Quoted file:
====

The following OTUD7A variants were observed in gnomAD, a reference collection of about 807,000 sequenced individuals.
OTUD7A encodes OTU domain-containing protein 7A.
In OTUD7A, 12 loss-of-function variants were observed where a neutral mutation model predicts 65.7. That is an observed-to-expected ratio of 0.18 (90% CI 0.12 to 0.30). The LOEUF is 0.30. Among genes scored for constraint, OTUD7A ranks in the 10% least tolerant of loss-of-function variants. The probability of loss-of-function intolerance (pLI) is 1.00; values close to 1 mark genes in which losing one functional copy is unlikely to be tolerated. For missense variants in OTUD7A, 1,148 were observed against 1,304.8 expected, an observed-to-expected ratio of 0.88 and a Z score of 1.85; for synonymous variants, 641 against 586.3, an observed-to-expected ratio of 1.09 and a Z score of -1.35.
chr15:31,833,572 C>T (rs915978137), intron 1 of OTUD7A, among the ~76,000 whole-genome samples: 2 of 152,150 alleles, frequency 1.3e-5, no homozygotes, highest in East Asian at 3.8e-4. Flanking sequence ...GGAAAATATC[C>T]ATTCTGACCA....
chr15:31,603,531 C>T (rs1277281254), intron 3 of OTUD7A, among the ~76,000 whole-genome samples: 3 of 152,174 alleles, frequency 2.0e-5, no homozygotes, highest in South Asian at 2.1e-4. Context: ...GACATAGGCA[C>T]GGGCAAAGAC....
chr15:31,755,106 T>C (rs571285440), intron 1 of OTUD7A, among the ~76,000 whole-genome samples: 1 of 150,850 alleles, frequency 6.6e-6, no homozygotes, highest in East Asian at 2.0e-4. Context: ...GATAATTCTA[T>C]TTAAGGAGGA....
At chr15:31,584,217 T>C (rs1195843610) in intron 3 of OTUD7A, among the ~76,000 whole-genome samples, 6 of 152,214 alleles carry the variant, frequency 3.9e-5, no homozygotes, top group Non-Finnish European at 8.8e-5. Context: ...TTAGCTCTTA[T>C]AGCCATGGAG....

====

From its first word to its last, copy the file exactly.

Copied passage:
The following OTUD7A variants were observed in gnomAD, a reference collection of about 807,000 sequenced individuals.
OTUD7A encodes OTU domain-containing protein 7A.
In OTUD7A, 12 loss-of-function variants were observed where a neutral mutation model predicts 65.7. That is an observed-to-expected ratio of 0.18 (90% CI 0.12 to 0.30). The LOEUF is 0.30. Among genes scored for constraint, OTUD7A ranks in the 10% least tolerant of loss-of-function variants. The probability of loss-of-function intolerance (pLI) is 1.00; values close to 1 mark genes in which losing one functional copy is unlikely to be tolerated. For missense variants in OTUD7A, 1,148 were observed against 1,304.8 expected, an observed-to-expected ratio of 0.88 and a Z score of 1.85; for synonymous variants, 641 against 586.3, an observed-to-expected ratio of 1.09 and a Z score of -1.35.
chr15:31,833,572 C>T (rs915978137), intron 1 of OTUD7A, among the ~76,000 whole-genome samples: 2 of 152,150 alleles, frequency 1.3e-5, no homozygotes, highest in East Asian at 3.8e-4. Flanking sequence ...GGAAAATATC[C>T]ATTCTGACCA....
chr15:31,603,531 C>T (rs1277281254), intron 3 of OTUD7A, among the ~76,000 whole-genome samples: 3 of 152,174 alleles, frequency 2.0e-5, no homozygotes, highest in South Asian at 2.1e-4. Context: ...GACATAGGCA[C>T]GGGCAAAGAC....
chr15:31,755,106 T>C (rs571285440), intron 1 of OTUD7A, among the ~76,000 whole-genome samples: 1 of 150,850 alleles, frequency 6.6e-6, no homozygotes, highest in East Asian at 2.0e-4. Context: ...GATAATTCTA[T>C]TTAAGGAGGA....
At chr15:31,584,217 T>C (rs1195843610) in intron 3 of OTUD7A, among the ~76,000 whole-genome samples, 6 of 152,214 alleles carry the variant, frequency 3.9e-5, no homozygotes, top group Non-Finnish European at 8.8e-5. Context: ...TTAGCTCTTA[T>C]AGCCATGGAG....